How to avoid unwanted stains or marks when applying microcement
A poor application of microcement can lead to the appearance of unwanted stains and scuffs. Visual problems that damage the final finish. If you have come this far, it is because you are concerned about this circumstance and, above all, because you want to know how you can avoid them at all costs.
You've come to the right place. In this article we will not only delve into the most common reasons that produce those dreaded marks and stains due to poor installation of smoothed microcement.
In addition, our experienced applicators will give you a series of tips, advice and solutions to each of the problems so that unwanted imperfections do not appear. Take note!
Marks on tile joints when applying microcement
Do you want to apply microcement on tiles? Here are three points to take into consideration to avoid marking tile joints.
1. Pay attention to the difference in absorption between tiles and joints
The resin contained in microcement is absorbed differently. If no precautions are taken, there is a risk that they will appear in the form of a visual spectrum on drying (visual pattern). Moisture in the joints also causes this defect.
2. Tile joints are usually hollow
Joints are generally hollow, not in the same plane as the tile. Also, the shrinkage of the microcement once dry creates a relief in the joint area (relief pattern). For all these reasons, with our microcement systems we create a layer that insulates and levels.
3. Let dry 24 hours before applying microcement
It is very important that, after filling the tile joints, it is allowed to dry 24 hours before starting the application of the microcement base.
Trowel marks on the microcement
We have to apply the microcement without leaving burrs or reliefs that show the passage of the trowel, sanding these imperfections in each coat. If we apply microcement on a layer with burrs, these reliefs will be copied.
With the steel trowel and excessive pressure these imperfections cause the "burnt" effect, dark spots that reflect the lack of sanding the bottom layer of microcement.
Irregularities on microcement surfaces
After the application of each layer of microcement, the surface must be sanded. An essential step to avoid the effect described in the previous section. We will carry out a soft roughing with a roto-orbital sander of low revolutions or by means of sanding glove, and sandpaper of silicon carbide.
Approximately 3 hours after the application of the smoothed microcement, a change in the tone of the coating is appreciated, becoming lighter. This change in tone indicates that the microcement is ready to be walked on and is hard enough to be sanded. It should be noted that the temperature, humidity and ventilation of the room influence this time period.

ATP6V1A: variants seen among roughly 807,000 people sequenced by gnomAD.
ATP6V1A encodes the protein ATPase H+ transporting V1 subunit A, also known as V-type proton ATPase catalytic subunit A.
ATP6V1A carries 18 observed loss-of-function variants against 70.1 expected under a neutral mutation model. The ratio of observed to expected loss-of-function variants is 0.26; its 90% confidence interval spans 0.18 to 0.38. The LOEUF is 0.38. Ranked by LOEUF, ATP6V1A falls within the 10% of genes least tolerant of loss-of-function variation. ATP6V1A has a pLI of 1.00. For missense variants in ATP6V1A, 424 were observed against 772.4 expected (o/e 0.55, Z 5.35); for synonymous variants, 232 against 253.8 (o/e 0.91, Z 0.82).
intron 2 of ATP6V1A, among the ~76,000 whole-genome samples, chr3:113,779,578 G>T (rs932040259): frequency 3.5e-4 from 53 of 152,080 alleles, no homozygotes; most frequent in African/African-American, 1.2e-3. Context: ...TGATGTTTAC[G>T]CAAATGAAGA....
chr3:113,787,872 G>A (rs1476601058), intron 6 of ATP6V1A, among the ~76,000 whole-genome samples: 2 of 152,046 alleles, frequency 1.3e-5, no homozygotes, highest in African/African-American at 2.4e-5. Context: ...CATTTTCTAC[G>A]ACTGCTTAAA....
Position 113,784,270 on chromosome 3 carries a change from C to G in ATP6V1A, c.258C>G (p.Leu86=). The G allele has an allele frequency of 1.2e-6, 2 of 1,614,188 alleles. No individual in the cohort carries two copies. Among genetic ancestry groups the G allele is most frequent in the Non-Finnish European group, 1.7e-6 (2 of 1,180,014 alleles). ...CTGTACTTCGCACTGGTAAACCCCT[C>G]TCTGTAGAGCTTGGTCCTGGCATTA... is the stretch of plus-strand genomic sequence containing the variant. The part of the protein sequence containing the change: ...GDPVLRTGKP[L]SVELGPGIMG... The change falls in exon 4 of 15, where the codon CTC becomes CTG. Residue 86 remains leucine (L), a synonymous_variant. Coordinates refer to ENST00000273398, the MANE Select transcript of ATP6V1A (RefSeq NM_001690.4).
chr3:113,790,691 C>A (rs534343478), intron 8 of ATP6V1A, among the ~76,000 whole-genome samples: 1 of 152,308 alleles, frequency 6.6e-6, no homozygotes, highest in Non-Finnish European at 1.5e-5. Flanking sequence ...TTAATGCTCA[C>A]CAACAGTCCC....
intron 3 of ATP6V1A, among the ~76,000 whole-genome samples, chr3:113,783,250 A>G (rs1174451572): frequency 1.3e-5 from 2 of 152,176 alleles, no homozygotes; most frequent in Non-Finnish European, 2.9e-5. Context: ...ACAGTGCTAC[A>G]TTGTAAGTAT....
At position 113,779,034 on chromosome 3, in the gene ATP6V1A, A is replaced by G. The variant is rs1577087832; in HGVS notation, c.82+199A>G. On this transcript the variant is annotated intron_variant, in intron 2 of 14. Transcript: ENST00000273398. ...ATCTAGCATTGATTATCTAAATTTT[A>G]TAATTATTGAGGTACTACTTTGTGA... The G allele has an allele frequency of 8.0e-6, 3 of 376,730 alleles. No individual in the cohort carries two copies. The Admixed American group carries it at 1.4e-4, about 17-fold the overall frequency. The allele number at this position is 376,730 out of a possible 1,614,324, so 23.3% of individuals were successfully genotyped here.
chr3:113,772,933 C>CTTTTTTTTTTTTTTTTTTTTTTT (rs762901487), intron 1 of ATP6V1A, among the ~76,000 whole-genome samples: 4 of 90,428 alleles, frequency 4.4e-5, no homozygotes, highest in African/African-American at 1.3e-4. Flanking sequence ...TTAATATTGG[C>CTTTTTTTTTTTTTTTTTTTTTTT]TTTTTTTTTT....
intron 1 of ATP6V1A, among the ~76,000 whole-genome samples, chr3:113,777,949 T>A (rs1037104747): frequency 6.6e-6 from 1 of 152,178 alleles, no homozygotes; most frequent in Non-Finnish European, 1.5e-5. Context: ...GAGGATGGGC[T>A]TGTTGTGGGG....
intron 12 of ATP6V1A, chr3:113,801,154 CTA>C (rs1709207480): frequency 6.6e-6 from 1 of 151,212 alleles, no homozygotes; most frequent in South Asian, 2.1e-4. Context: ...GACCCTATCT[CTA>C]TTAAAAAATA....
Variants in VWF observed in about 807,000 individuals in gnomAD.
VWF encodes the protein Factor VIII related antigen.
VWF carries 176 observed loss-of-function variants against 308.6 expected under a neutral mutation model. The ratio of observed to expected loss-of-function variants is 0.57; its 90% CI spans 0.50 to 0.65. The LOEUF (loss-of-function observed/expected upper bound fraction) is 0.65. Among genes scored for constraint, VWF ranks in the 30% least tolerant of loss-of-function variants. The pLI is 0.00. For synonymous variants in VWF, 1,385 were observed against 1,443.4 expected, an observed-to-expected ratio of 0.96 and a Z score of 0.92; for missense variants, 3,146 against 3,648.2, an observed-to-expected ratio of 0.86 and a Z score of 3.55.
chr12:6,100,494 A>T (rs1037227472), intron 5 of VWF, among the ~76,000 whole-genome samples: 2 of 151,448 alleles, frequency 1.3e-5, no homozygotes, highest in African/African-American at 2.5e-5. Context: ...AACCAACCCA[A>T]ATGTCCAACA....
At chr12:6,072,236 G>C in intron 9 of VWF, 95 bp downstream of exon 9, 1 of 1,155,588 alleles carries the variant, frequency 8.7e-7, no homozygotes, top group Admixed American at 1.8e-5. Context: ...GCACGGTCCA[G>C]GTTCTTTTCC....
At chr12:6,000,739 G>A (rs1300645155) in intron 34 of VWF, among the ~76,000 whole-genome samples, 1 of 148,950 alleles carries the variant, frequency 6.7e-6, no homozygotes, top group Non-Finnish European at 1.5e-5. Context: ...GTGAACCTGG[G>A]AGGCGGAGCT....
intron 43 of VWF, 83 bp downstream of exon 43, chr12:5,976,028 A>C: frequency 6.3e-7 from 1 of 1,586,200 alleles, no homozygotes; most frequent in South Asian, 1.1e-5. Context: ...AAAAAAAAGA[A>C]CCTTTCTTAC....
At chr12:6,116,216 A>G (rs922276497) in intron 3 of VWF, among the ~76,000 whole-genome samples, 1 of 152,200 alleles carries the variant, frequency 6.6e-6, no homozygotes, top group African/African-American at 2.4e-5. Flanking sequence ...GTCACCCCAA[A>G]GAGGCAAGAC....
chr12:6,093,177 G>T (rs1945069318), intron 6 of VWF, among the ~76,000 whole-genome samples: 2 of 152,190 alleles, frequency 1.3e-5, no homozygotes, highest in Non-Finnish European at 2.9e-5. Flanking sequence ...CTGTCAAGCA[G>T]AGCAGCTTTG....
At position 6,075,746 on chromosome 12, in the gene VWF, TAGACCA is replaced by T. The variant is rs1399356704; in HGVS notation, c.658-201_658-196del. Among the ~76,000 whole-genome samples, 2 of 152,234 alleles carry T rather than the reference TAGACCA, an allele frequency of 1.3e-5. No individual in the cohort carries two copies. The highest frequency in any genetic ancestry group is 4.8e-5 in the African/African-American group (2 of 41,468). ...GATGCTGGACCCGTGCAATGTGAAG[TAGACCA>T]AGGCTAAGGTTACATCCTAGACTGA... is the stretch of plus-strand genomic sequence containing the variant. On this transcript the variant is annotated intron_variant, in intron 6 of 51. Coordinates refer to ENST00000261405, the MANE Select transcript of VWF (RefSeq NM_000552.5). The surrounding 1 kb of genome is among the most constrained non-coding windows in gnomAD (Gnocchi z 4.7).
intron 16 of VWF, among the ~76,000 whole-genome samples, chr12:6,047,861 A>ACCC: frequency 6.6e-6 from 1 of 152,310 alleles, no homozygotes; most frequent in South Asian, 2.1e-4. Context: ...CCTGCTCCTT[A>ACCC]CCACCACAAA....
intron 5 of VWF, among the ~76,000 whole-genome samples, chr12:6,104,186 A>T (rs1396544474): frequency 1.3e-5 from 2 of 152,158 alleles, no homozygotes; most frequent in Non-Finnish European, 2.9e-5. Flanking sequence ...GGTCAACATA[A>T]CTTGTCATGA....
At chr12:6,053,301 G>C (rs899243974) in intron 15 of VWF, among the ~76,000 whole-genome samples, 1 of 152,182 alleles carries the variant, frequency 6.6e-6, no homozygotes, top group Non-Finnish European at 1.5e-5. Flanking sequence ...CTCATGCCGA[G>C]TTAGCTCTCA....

We recommend sanding before 12 hours after applying the microcement so that the coating has not reached an excessive hardness and this step is more complicated.
Microcement stains from excessive sanding
When sanding the last coat of microcement we must ensure that we work the material smoothly. With one hand we will take the sander or sanding glove and with the other we will check with the touch if the sanding is correct. If we work the surface properly we will avoid three types of characteristic stains: circles, contour lines and black marks.
The sander will have to be of the roto-orbital type to avoid leaving circles. We will try to keep it in constant movement without prolonged impact in the same place. If the sanding was excessive we would end up seeing the smoothed microcement of the previous coat and leaving some characteristic "contour lines" that would indicate that we have passed to the lower layer. As soon as the sandpaper is worn we will have to change it, if we do not make the change, the sandpaper goes from sanding to polishing leaving black marks on the microcement.
Microcement marks due to excessive burnishing
If the microcement finish is not as desired, it is best to apply a layer of additional smoothed microcement. Touching up on the already dry surface will leave noticeable and very unsightly marks.
Excessive troweling of an area will leave dark marks. This can occur, for example, when material accumulates on floors at the end of the application path, forcing us to pick up the excess smoothed microcement and work it over with the trowel.
If you overwork an area what you do is force drying. This problem is reflected in the whitening of the area. For example: A black wall could have gray stains much lighter than the color of microcement chosen.
If the applicator goes over the entire surface too much or presses too hard, the smoothed microcement substrate may be lighter in color. It is very typical to see a black wall that looks gray.